Píobaire, An, Volume 1, Issue 13, Page 6

Píobaire, An, Volume 1, Issue 13, Page 6
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periodical Publisher
Na Píobairí Uilleann
periodical Editor
Chairman, NPU
periodical Title
Píobaire, An
volume Number
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(99)MUSEUM & LIBRARY ACQUISITIONS Ronnie Wathen (Spain). Greek bagpipe. 6=== ========== == The bag is made from the rare protected(2 years exile) grey mountain goat, the krikri. This one wasnt shot, it has no -punctures. Hair inwards, saltcured. fl Iast i1 was done through the chanterneck.The blow pipe is valveless, so it must be stopped with the tongue The two doublechanters are of the same kind as the Maltese one in M Piobaire, but the horn has becornepart of the wood and the fingering is parallel. Sometimes parts of one cane are playingseparate to the other The wood of the sheat is a soft riverwood cafled sphaka Myonecaring to try these pipes will get a good idea of what bagpipes sounded like three thousandyears ago The way to play it is to take a strong rhythm and operate it within endlesssubtle variations (but here in Crete they tend to. imitate the lyre). The double-chanterwill be of special interest to Uilleann pipers as the Uilleanri pipes are the only moderninstrument ever to employ this device. In ancient times, double chanters and doubleflutes were extremely popular. R WHungarian Folk Song and Folk Instruments, Janos Manga, Budapest 1969 In reply to aletter from Ronnie Wathen, Dr. Mcwiga wrote In Hungary now there are two actingpipers, of 50 and of 80 years old men, practically the last ones. Young people donttake it up, he says It is hoped to arrange an exchange of music with this gentlemanBoth pipes and book will be on display at Termonfechin.((((0))))REPORT FROMRecent months have shown to at in my travels throughoutBritain, a big increase in interest in the UilIemn Pipes, and in many, a desire to learnthem I am answering enquiries regularly now by phone and post I have now 2 peopleactively engaged in practice: one, a girl in London, Sheila Martin (daughter of thefamous violin maker and repairer, Tony Martin) playing on a set of Matt Kiernans, aridthe other, Mr. Wylie, a Scots piper in Edinburgh, on a McFadden set. You may wellnote the geographical spread of the people at present practising (think of the practicalsnags, etc. here, in tutoring, explaining, etc.).Others beside me in Glasgow are now looking for practice sets. Can the demand bemet now, Mat I tkr&o1t will surely be desperately pressed to cope Do I heqrJ reportsof anything coming from the workshop of Na Piobairi in Pamell Square ? ?Can we look forward to more new entrants to Na Piobair from pastures new. Perhapswe may get some of the answers by the next issue of M Piobaire.Pat McNuliy (Glasgow).//////////* *** * * *** * ** ** **** * **LECTURE ON BAGPIPES The statement that the Highland Pipe chanter was now**************.*********** beingdsignedto conform to piano tuning indicatedsuch a radical modification in that instrument that confirmation on the point wasrequested As the response to our enquiry is of particular interest, it is here givenin fullTheodor Podnos regrets the erroneetis statement made in his lecture of June19, 1972 concerning the tunings of modem Highland chanters. Just prior to leavingfor Ireland, a few new chanters observed in the U. S. A. had equally-temperedcharacteristics. Recently, Mr. Podrios reexamined these chanters and found thattheir constructions were of an experimental nature. They are not representative ofthose hundreds of Scotch Highland pipes tuned with neutral tones The statement that players ears were affected to the extent that they began to regardthe scales on their own instruments asbeing Du.t o f f ine *as an 4ekAoFation b) therepDrter. and not by the lecturer.The outcome of the experiments being made by Pat McNulty on the tonality of the Irishchanter is awaited with intent. There seems to be little ckxibt that modem pipe makersworked on the assumption that the scale on the chanter to be correct must be identicalwith that on the piano.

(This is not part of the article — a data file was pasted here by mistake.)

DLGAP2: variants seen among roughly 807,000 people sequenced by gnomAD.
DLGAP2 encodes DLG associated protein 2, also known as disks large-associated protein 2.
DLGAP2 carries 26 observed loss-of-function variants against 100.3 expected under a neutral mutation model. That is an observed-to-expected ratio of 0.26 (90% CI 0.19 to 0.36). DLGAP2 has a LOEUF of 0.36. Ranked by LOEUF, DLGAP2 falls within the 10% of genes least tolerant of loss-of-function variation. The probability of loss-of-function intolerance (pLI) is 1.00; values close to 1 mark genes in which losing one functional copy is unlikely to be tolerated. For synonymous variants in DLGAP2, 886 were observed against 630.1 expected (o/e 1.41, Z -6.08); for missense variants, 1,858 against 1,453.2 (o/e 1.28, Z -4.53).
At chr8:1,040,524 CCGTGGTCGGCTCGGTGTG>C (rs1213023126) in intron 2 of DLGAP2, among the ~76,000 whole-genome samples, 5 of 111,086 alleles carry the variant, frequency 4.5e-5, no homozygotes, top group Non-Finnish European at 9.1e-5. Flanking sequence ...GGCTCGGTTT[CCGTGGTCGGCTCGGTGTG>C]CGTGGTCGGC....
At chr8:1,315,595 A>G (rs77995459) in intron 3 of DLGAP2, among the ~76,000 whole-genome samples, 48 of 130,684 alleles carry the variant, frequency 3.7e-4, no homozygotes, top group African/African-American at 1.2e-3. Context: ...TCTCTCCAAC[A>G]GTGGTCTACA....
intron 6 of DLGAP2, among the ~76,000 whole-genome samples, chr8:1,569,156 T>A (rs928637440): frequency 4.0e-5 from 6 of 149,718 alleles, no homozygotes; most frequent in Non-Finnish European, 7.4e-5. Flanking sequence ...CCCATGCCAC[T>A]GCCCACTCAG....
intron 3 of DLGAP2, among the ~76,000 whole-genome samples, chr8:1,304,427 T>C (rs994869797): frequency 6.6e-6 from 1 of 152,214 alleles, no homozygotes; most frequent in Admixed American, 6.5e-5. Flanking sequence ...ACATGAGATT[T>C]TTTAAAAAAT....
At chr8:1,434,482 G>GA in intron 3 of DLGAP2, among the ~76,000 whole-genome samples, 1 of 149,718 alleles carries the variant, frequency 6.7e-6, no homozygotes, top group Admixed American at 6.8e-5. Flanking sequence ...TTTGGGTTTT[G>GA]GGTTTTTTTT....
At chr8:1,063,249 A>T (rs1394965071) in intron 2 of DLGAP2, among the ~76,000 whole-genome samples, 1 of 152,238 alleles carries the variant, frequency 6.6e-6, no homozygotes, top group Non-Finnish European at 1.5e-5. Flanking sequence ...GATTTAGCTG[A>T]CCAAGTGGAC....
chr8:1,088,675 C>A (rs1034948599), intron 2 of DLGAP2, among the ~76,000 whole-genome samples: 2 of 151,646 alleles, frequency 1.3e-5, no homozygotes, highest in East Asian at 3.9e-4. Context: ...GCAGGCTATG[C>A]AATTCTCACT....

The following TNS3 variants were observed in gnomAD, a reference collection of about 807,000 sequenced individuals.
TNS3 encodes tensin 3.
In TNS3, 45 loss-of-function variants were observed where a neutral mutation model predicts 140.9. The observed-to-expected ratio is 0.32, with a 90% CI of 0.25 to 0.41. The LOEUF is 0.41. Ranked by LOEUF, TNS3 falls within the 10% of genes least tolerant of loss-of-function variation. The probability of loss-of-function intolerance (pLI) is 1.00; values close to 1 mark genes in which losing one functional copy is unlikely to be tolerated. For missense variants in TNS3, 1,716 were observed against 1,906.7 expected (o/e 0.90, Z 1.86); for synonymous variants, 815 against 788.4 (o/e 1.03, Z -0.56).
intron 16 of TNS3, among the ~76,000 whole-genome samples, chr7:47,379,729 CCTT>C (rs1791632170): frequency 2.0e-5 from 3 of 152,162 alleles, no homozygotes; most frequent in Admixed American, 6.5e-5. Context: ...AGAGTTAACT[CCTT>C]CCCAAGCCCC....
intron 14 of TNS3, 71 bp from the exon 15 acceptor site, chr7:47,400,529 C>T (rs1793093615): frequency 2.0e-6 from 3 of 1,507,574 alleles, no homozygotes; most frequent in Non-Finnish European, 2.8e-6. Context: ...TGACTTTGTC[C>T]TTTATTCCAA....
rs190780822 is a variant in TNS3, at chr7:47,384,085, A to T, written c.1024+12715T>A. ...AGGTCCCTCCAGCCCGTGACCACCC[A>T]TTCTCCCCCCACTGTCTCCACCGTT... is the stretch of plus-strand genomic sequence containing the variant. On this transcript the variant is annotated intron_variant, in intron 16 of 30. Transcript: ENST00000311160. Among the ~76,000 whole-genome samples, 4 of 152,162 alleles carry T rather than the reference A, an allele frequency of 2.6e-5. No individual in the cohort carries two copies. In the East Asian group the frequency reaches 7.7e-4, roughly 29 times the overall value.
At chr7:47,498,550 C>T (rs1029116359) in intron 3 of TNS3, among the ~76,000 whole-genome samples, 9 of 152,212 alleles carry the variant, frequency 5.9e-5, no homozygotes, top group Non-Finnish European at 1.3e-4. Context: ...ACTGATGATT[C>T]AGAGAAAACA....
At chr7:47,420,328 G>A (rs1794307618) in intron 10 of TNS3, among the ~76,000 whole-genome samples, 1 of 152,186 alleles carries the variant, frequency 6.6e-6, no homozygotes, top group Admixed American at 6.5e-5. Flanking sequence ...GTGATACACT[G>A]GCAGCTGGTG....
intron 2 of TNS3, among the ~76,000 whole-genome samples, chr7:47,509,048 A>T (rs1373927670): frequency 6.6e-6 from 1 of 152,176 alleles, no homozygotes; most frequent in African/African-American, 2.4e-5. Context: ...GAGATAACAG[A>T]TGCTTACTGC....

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Píobaire, An, Volume 1, Issue 13

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